In the September edition of Law Technology Now, attorney Monica Bay, editor-in-chief of ALM’s Law Technology News, interviews Robert Siegel, general partner at Xseed Capital about how Silicon Valley is becoming a hot bed of legal technology startups. With two major Bay Area universities — Stanford and the University of California Berkeley, both with strong synergies among their law schools and computer, engineering, and design departments — innovative law firms and venture capitalists are ready to collaborate, and the sky is the limit, says Siegel.
He explains how these dynamics combine to create opportunities for legal technology lawyers and vendors, and financiers, and how collaborations can result in companies like Lex Machina. They are creating technology products that ultimately help not just the legal community (lawyers, government, academia, and business) do better, faster, and cheaper work, but benefit consumers and businesses, as well. And for innovators and entrepreneurs, he offers concrete advice about how to best approach venture capitalists to successfully get them to yes.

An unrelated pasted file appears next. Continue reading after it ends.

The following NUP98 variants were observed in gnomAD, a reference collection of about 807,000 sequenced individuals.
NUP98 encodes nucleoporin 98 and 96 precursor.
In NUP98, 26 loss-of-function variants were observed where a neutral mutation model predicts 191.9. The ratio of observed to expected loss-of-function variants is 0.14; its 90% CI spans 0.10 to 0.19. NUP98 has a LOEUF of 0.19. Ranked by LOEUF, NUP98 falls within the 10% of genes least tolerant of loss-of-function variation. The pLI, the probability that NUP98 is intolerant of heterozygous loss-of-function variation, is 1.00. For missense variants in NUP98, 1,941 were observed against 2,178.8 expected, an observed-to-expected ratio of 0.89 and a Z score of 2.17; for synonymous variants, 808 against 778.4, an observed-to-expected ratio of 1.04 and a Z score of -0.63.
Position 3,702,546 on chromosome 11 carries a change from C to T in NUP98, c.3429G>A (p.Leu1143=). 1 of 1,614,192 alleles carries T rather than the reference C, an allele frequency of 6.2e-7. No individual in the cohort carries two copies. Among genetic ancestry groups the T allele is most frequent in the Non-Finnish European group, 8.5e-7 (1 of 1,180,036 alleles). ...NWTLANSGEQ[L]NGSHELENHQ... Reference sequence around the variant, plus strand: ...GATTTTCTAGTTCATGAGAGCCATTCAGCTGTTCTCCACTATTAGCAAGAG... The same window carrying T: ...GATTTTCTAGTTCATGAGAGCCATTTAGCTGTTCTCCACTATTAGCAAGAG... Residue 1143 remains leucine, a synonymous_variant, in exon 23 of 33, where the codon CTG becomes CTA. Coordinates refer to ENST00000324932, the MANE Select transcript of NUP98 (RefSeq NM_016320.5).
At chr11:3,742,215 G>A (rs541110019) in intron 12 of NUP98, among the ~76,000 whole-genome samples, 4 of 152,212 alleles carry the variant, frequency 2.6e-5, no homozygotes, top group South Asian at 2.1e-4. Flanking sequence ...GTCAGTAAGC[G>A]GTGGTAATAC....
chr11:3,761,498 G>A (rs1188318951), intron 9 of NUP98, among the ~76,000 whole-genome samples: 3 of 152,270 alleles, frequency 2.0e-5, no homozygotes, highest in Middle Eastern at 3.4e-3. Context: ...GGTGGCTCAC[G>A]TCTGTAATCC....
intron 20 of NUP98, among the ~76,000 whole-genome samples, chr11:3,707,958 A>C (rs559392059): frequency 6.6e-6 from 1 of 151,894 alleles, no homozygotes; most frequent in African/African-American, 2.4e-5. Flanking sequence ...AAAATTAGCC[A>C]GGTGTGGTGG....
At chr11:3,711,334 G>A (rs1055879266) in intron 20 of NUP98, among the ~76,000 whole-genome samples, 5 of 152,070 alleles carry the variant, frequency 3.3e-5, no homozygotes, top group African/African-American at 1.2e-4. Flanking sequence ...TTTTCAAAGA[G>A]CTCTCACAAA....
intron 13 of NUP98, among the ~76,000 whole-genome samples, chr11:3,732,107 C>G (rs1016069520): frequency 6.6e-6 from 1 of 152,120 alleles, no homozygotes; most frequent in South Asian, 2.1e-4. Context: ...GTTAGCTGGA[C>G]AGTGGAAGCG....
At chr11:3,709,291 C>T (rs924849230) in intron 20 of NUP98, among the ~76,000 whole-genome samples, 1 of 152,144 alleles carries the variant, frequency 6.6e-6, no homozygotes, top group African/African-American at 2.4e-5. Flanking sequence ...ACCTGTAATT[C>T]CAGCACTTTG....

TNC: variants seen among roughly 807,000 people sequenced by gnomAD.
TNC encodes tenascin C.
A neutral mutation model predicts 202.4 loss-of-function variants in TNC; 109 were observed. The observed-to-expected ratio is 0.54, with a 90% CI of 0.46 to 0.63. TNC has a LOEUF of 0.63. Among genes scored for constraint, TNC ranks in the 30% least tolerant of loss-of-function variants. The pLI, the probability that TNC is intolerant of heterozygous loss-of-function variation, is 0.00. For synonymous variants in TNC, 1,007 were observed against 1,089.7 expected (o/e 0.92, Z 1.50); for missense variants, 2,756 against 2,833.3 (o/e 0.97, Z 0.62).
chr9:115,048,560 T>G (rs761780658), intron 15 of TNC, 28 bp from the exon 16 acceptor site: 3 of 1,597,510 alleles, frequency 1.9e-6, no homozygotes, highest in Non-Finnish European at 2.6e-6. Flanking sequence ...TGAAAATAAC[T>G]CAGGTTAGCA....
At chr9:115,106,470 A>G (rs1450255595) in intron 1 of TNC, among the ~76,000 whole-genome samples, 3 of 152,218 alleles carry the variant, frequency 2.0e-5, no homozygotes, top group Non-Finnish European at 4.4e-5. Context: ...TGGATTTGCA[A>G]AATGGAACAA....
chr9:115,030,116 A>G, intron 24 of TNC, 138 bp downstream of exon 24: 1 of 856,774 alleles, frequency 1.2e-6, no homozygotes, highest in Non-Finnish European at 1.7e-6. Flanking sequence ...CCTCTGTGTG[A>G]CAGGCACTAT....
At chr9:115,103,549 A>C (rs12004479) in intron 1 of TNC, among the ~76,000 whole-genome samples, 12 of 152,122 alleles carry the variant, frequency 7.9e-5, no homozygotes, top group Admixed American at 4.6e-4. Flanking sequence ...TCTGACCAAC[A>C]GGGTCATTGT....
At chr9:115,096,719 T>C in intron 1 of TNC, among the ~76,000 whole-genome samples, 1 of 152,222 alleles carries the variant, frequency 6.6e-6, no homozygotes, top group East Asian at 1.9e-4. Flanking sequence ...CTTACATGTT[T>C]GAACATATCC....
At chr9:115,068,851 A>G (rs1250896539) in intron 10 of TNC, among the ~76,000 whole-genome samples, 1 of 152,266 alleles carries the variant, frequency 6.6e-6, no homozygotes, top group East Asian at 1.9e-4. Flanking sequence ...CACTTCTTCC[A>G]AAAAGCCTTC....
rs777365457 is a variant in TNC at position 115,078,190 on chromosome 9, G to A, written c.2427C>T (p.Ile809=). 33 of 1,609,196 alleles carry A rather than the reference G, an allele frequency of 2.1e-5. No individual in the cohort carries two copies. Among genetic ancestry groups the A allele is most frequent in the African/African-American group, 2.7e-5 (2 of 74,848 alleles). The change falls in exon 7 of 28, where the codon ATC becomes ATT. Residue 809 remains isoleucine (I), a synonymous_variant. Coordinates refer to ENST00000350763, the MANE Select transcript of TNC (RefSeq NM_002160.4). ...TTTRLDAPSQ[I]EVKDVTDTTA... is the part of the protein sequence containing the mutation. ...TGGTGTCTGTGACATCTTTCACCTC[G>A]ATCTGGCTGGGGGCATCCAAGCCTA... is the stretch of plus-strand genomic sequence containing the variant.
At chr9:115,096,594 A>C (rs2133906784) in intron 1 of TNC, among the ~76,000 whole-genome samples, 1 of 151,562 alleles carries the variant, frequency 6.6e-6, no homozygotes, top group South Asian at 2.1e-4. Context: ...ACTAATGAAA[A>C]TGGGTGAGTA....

In the Law Technology News June cover story, “Silicon Startups,” reporter Tam Harbert describes how Stanford University’s Law School has become the “vortex” for entrepreneurship in legal technology. The law school has joined forces with the University’s engineering and computer science departments to create the Center for Legal Informatics laboratory — dubbed Code X. Among the results is Lex Machina, a startup offering a rich database of intellectual property litigation information that helps law firms, corporate counsel, and the government refine their trial and settlement strategies. The company just completed a second round of funding, infusing $4.8 million into its war chest. Law Technology News Editor-in-Chief Monica Bay welcomes attorney Roland Vogl, executive director of Code X, to discuss this exciting project on the June edition of Law Technology Now.